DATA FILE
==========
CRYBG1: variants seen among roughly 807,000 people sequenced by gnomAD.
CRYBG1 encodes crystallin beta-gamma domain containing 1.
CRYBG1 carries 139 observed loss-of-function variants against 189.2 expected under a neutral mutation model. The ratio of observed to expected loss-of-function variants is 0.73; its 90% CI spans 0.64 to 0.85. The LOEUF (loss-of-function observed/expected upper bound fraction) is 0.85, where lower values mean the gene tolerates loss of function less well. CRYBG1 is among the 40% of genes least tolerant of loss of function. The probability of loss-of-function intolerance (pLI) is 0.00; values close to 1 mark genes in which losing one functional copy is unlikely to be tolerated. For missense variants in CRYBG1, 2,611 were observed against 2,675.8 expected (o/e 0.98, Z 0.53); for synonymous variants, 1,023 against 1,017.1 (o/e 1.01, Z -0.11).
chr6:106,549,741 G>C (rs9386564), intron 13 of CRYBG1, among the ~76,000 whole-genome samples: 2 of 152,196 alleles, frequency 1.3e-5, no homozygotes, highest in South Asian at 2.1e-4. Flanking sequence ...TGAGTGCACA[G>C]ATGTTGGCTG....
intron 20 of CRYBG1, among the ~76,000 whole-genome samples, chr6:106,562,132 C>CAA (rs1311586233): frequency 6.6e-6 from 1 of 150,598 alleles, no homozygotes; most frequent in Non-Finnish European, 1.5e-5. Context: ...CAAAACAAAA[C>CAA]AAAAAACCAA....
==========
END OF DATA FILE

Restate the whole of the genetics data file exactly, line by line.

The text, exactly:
CRYBG1: variants seen among roughly 807,000 people sequenced by gnomAD.
CRYBG1 encodes crystallin beta-gamma domain containing 1.
CRYBG1 carries 139 observed loss-of-function variants against 189.2 expected under a neutral mutation model. The ratio of observed to expected loss-of-function variants is 0.73; its 90% CI spans 0.64 to 0.85. The LOEUF (loss-of-function observed/expected upper bound fraction) is 0.85, where lower values mean the gene tolerates loss of function less well. CRYBG1 is among the 40% of genes least tolerant of loss of function. The probability of loss-of-function intolerance (pLI) is 0.00; values close to 1 mark genes in which losing one functional copy is unlikely to be tolerated. For missense variants in CRYBG1, 2,611 were observed against 2,675.8 expected (o/e 0.98, Z 0.53); for synonymous variants, 1,023 against 1,017.1 (o/e 1.01, Z -0.11).
chr6:106,549,741 G>C (rs9386564), intron 13 of CRYBG1, among the ~76,000 whole-genome samples: 2 of 152,196 alleles, frequency 1.3e-5, no homozygotes, highest in South Asian at 2.1e-4. Flanking sequence ...TGAGTGCACA[G>C]ATGTTGGCTG....
intron 20 of CRYBG1, among the ~76,000 whole-genome samples, chr6:106,562,132 C>CAA (rs1311586233): frequency 6.6e-6 from 1 of 150,598 alleles, no homozygotes; most frequent in Non-Finnish European, 1.5e-5. Context: ...CAAAACAAAA[C>CAA]AAAAAACCAA....